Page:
No, that’s not a new support group for those 65 and older. It’s just a great idea for individuals who have two and those that have four legs to come together for mutual solace and support. Think geriatric pets for geriatric people. The benefits of pet ownership have been proven time and again—Companionship: Something warm and soft to caress and hold; a daily walk: increased activity and a reason to get up in the morning.
And these benefits are not one sided. There are so many shelter pets who need homes. All too often, this elderly section of the pet population finds itself abandoned, left homeless after a family moves away or is relinquished because he or she is no longer considered cute. Any humane society or shelter has its share of cats or dogs abandoned to live out their lives in a cage. One such pet, “Mittens”, named for her extra toes, was recently rescued from the Caroline County shelter by Homeports member Traude Harding.
Traude had been living alone for months following her hip replacement surgery last summer. She missed the comfort and companionship of her beloved cats, who had been lost. “I wanted someone to talk to, and to keep me company in the evenings”, Traude said. That’s when she went to the Caroline shelter and found Mittens. Mittens was part of the Mayday Raid which liberated 250 cats from a hoarding situation in Ridgely. Initially, Mittens was lucky enough to be adopted through the PetsMart Charities, but found herself back in the shelter at ten years of age. She spent two years living in a cage at Caroline until Traude’s visit. That’s how she came to Chestertown.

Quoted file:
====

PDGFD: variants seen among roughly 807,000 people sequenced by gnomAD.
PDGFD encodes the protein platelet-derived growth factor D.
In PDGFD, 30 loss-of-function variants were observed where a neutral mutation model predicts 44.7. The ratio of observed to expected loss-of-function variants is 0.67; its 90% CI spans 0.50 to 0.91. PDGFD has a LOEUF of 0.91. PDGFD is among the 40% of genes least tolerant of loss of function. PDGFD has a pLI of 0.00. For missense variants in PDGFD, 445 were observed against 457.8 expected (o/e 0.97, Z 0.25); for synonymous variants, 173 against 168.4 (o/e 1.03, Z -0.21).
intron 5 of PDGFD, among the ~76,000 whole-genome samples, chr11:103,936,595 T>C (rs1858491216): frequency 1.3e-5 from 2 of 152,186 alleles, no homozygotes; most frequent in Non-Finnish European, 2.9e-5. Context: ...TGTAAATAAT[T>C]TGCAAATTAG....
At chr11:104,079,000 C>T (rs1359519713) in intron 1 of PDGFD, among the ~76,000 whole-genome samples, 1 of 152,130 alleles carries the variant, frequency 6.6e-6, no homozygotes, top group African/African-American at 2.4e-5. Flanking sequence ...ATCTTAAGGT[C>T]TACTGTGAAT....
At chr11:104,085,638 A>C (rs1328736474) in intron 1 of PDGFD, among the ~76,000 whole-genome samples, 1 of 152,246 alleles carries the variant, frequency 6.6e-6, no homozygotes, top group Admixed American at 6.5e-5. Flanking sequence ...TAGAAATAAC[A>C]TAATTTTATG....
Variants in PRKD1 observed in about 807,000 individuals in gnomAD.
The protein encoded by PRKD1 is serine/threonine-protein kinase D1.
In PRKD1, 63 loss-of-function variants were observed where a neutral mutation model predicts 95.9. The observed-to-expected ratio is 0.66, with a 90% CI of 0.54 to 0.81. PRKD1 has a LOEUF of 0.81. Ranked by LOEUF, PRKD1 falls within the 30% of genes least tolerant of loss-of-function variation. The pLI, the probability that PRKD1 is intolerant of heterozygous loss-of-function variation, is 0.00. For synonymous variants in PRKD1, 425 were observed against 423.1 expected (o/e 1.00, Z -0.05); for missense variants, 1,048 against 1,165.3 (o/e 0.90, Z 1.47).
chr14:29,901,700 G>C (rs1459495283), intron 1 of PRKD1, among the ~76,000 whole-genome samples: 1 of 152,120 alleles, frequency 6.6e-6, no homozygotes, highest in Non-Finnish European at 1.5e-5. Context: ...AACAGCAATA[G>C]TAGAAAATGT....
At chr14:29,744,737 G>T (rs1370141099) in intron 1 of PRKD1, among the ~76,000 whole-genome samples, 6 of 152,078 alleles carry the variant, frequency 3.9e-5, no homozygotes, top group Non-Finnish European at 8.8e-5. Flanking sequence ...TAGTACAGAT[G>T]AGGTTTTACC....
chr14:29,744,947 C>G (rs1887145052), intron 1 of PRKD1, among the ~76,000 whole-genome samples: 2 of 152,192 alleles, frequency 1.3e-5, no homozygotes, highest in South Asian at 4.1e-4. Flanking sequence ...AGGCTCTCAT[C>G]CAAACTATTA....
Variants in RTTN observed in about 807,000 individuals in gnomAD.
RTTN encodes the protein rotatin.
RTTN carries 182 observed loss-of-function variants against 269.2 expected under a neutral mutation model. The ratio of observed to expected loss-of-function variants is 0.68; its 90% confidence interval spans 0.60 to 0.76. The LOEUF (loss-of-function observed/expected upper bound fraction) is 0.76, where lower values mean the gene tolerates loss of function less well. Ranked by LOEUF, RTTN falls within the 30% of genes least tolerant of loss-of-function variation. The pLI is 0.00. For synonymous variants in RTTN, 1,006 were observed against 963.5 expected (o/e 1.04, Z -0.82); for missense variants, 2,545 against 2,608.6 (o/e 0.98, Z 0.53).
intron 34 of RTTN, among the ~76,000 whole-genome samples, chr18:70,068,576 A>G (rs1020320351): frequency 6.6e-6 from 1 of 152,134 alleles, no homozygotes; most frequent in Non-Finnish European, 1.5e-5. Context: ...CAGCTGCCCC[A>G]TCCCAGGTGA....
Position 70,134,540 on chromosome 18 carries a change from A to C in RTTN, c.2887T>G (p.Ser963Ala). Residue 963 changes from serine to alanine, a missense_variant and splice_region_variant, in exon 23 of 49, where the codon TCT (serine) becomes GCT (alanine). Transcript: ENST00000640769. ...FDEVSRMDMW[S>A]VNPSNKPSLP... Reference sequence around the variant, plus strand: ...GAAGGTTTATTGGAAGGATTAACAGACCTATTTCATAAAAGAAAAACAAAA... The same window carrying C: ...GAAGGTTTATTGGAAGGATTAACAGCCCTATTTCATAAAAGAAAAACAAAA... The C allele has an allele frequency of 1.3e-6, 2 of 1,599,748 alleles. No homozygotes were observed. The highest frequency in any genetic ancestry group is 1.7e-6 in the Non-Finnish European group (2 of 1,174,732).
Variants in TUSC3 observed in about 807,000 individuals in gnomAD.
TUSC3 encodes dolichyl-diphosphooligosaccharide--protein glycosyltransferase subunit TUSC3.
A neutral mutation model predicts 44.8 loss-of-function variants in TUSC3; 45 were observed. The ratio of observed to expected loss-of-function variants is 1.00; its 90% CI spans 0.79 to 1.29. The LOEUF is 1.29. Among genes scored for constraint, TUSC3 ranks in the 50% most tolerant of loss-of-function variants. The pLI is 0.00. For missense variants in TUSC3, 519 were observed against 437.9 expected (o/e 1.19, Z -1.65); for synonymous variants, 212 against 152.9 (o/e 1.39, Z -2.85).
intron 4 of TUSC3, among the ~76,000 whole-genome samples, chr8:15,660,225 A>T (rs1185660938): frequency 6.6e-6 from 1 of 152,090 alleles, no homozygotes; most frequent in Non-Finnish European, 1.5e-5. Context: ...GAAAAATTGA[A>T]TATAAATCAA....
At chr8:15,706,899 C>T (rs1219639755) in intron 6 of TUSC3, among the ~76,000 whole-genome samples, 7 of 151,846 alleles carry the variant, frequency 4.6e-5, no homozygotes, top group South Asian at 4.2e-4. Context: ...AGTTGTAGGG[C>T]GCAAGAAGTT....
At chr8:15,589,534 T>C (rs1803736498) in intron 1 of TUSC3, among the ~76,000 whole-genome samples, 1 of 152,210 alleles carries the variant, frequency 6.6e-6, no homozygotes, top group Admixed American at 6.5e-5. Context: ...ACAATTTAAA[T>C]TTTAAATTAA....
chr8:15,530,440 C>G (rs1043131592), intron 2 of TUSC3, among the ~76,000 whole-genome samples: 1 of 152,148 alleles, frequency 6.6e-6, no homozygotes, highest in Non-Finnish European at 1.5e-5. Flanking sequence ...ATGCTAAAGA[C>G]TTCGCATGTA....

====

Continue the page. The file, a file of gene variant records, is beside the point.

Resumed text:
Though some seniors are concerned about moving around the house with a pet underfoot, Traude was unfazed by that. “I watch where I walk all the time, pet or no pet.”
Many seniors have concerns about adoption fees, but many shelters lower or waive adoption fees for seniors. For Mittens, no money changed hands.
Some people fear that a pet will outlive them. Of course, that is a genuine concern. But, overwhelmingly, family members assume the caretaking responsibilities for the pet. And there are a myriad of breed specific rescue organizations and privately run shelters which step in if the need is there. No one goes homeless.
This is a story with a happy ending. And there can be so many more like it. Pets bring so much joy to their owners. There is unconditional love between an animal and his master. Pets give the day structure. They are beings to nourish and nurture. They make us smile.
Consider adopting a senior pet.
Note from Karen Wright:
Homeports can provide a list of people in your community who pet sit or walk dogs if the need arises. Homeports can arrange a visit to the Humane Society of Kent County for anyone interested. Please call Karen Wright for online pet adoption websites.
Celeste Conn, VMD
Copyright 2023, The Visiting Veterinarian. All rights reserved.
Share your comments:Comment Cancel